The High Court has held in the case of MacInnes v Gross [2017] that a discussion between businessmen over dinner in a restaurant did not amount to an intention to establish legal relations.

The High Court decided that an informal discussion and subsequent exchange of emails concerning a proposed business arrangement did not evidence an intention to create legal relations. It was clear from the language used in the emails that the parties did not consider themselves contractually bound. In any event, the terms of the alleged contract were so unclear as to prevent a binding contract from coming into existence.


The claimant sought payment of EUR13.5 million pursuant to an alleged contract with the defendant.

The key meeting between the parties had taken place over dinner in a restaurant. According to the claimant, the parties agreed at that meeting that the claimant would leave his employment with an investment bank and would personally provide services to the defendant with the aim of maximising the defendant’s return on the sale of his business. The claimant maintained that the parties agreed that he would receive a sum calculated by reference to the amount of the difference between the actual sale price of the business and the target price. The following day, the claimant emailed the defendant setting out what he considered to be an agreement “on headline terms” between the parties.

Some nine months later, when a possible sale began to materialise, the claimant emailed the defendant, forwarding his earlier email and stating that it was important that the parties were “completely aligned”. The defendant replied that they needed to make a “proper contract”. After the sale of the business, the claimant demanded payment for his services, relying on the alleged contract between the parties.

The court dismissed the claim on 2 grounds:

  1. Although it was possible for a binding contract to come into existence over dinner in a restaurant, the highly informal setting required close scrutiny of whether there was in fact an intention to create legal relations. The claimant’s use of the words “on headline terms” was strongly indicative that, at least at that point in time, there was no intention to create legal relations. Rather, it suggested that matters remained to be finalised, by preparation of a formal contract. This conclusion was demonstrated by the claimant’s second email which indicated that the claimant did not himself believe that there was a binding agreement between the parties. The best that could be said was that there was a basis for a future agreement. The defendant’s reply showed that the defendant did not consider an agreement to have been reached. Accordingly, there was no intention to create legal relations and, therefore, no binding contract.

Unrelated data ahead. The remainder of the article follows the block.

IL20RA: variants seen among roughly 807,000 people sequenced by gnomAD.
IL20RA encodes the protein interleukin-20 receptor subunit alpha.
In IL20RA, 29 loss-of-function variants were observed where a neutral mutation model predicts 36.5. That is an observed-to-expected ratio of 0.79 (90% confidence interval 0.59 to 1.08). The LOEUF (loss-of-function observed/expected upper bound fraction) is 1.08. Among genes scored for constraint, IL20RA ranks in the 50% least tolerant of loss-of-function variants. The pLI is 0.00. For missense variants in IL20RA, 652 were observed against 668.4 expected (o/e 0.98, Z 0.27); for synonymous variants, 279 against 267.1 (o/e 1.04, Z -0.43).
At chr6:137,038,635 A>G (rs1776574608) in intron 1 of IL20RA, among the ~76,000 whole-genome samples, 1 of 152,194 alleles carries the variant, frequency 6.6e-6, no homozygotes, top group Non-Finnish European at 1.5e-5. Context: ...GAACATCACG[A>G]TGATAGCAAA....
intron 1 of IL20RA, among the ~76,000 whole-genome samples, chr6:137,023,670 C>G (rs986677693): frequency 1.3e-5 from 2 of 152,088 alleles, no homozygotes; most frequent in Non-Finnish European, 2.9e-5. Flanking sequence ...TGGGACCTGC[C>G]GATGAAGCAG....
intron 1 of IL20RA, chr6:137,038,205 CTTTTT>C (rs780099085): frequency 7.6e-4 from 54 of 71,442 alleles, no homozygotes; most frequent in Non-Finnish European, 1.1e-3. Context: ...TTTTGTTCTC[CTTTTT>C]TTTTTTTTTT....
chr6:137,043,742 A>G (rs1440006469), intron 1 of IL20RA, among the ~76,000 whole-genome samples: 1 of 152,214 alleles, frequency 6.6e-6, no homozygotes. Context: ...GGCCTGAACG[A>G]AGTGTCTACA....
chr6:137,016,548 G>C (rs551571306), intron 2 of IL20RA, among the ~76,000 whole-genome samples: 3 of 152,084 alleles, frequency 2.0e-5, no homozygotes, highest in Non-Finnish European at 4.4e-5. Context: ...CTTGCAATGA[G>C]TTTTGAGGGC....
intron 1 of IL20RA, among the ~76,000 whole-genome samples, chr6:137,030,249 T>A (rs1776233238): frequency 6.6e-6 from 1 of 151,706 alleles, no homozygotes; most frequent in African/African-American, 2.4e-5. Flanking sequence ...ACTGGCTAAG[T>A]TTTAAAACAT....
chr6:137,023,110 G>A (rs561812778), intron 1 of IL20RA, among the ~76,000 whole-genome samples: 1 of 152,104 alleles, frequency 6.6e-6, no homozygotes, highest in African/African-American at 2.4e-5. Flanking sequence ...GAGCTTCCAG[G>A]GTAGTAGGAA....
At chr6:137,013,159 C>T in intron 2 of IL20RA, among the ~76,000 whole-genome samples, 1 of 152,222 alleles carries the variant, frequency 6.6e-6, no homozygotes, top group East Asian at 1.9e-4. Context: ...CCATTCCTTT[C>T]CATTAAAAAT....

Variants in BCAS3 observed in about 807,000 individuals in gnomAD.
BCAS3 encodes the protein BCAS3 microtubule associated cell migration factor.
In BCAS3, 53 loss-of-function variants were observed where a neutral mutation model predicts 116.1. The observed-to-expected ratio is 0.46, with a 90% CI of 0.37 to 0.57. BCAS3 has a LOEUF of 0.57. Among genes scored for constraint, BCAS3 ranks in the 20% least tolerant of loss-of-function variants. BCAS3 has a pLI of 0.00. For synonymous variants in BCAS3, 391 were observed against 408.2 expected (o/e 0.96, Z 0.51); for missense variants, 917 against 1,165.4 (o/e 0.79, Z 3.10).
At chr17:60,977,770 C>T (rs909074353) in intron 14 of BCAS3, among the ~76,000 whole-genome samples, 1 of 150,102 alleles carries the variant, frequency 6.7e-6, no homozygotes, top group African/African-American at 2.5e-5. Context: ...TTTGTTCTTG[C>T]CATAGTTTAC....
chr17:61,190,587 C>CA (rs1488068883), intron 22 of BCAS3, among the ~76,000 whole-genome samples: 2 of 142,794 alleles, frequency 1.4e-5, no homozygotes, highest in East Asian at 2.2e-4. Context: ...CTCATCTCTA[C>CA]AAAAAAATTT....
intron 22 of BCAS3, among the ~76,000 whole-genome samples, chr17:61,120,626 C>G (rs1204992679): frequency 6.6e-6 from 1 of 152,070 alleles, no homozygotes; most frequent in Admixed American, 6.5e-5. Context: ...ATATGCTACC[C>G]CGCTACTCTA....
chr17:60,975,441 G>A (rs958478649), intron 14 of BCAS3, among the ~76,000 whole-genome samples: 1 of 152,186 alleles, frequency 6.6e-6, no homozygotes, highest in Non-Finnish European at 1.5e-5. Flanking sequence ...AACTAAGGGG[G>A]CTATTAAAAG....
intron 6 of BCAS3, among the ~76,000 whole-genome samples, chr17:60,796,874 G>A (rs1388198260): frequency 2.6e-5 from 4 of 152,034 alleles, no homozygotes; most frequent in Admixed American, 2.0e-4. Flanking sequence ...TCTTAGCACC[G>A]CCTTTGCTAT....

2. The court also held that in any event, the terms of the alleged contract were both too complex and too uncertain to be enforceable. The claimant’s first email, which was the only record of the matters discussed at the dinner, made no reference to the sale of the business or to the proceeds of sale and a reasonable observer would have been unable to determine how any remuneration would be payable to the claimant. The nature of the services to be provided was unclear.


A contract cannot be made without intention to create a legally binding arrangement. This case serves as a useful reminder that written contractual agreements are essential to ensure certainty and enforceability of terms which parties believe have been agreed between them.

For a binding contract to exist, and to be enforced, the terms must be certain. Parties must ensure that:

  • Their agreement is complete, that is, not lacking in some essential term.
  • The agreement is not otherwise uncertain, for example, vague or ambiguous.

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